- And is there a particular way in which you do this?
- What has your company become famous or infamous for?
- Where does the company’s energy and passion come from?
- What gets your employees motivated? To do what for your customers?
1.2 Formulate the timeless and distinctive meaning of your organisation.
- Look at the developments in your target group and describe the timeless and distinctive significance of your organisation. What significance will you have to your target audience in the next 10 years?
- In what particular way? What emotion do you want to evoke in the recipients of your mission?
- Why are you there? To make a difference in what way?
1.3 Summarize the above into a short and catchy sentence of 3 to 7 words.
2. Clear Core Values
Core values are deeply held beliefs, principles upon which you act. They describe why and how your organisation does things. Unfortunately, these core values are often copied and become meaningless. Do not do that! Good core values are, of course, distinctive. And they must be credible, be fulfilled. As an employee, as a customer, as a neighbour or as a supplier, I need to experience and recognize these core values in your organisation.
- We are very customer-focused (not at all distinctive, doesn’t everyone claim that?)
- We are support fanatics (Rack space, already a lot stronger and more distinctive)
- We walk in our customers’ shoes (Twillio, the whole office is full of shoes)
Follow these steps to create distinctive Core Values:
2.1 Choose which values are best for your organisation
Let employees have a say. Collect all input and list all values.
2.2 Select values and describe them in an unique way
Select the three to five values that best suit your organisation. Then look at how you can express them in the most original way possible. For example, if you choose Decisiveness, then you can describe this core value for your company as: Action rather than words. Or: Just do it. Slogans that you use internally and that are easy to remember.
2.3 Begin your core value with We are … or We have….
For example: We are entrepreneurial and optimistic. We enjoy our work. In this way, you create your own slogan which is well remembered.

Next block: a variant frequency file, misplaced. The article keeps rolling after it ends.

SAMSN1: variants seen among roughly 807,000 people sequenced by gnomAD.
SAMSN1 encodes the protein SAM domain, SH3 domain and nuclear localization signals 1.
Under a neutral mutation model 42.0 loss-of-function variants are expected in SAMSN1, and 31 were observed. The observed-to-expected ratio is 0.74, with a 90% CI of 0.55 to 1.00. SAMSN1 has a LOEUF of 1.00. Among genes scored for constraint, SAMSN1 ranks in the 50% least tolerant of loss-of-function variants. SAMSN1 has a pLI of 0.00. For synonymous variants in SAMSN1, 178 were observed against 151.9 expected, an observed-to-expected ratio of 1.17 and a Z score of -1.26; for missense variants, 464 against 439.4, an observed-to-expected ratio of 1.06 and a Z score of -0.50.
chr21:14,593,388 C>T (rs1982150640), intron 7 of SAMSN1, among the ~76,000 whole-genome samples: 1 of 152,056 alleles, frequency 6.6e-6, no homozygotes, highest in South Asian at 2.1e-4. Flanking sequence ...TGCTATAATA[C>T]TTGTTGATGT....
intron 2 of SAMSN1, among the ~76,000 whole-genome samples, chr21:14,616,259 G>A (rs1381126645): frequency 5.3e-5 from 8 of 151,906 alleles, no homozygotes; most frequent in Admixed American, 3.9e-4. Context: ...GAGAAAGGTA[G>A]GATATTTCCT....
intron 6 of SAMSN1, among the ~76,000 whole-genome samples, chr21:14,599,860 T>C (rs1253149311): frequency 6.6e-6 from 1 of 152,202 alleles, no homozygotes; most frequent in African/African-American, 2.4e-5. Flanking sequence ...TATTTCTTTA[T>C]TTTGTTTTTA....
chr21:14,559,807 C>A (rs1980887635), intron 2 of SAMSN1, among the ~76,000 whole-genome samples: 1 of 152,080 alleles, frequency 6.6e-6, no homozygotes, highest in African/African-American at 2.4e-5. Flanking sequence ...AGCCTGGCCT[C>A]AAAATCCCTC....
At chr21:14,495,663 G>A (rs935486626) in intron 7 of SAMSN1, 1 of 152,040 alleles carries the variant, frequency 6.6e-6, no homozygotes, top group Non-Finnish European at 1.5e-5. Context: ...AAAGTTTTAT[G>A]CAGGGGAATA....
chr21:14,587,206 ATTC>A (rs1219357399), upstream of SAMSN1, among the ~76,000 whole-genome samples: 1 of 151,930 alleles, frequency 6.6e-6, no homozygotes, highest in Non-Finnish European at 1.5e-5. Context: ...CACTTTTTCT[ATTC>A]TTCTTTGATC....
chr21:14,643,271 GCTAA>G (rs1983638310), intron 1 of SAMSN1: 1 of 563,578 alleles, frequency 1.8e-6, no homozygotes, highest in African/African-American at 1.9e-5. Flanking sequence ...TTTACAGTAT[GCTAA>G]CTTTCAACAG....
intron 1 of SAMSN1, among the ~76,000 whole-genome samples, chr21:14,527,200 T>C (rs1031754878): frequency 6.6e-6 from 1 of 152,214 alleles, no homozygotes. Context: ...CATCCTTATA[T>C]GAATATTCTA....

3 Clear organisational goals
Organisational goals give direction to teamwork. Use them to make clear what the organisation wants to have accomplished at the end of an extended period of time, such as a year. Use goals to make the organisation’s major aspirations concrete and measurable.
3.1 List the most important parts of your Long-Term goal.
List the parts that you want to set in motion for the coming period that you want to change. What are you thinking about? Customer focus? Sales, margin, profits? Employee engagement? …?
3.2 Select the most important goals
Think again about the Long-Term Objective of your business. Double check whether you have named the most important parts. Select 3 to a maximum of 5. And check again: are you sure that you captured the most important goals?
3.3 Summarize the selected parts in a few words
- Top 3 players for our target group
- Growth to market leader
- Best employer in our industry
3.4 Make goals measurable by adding one or more KPIs.
If your team is widely dispersed, clarity weighs in extra heavily. You see each other less, which requires greater trust in and reliance on each other’s contributions.
So – in an “everyone works from home” scenario – pay more attention than ever to clarity.
And once you have achieved that clarity together, continue to work closely as a team in implementation. Zero distancing.
Involve each other in achieving the goals. Imagine team members checking in every week, sharing progress and discussing requests for help. They climb the mountain together and stay close. With zero distance. Without getting under the other person’s skin. Safe and close.
With this clarity, you use your time and talent to the maximum. In this way, you create much more together. With that clarity, you make maximum use of your Time and Talent. In this way you will get much more done together.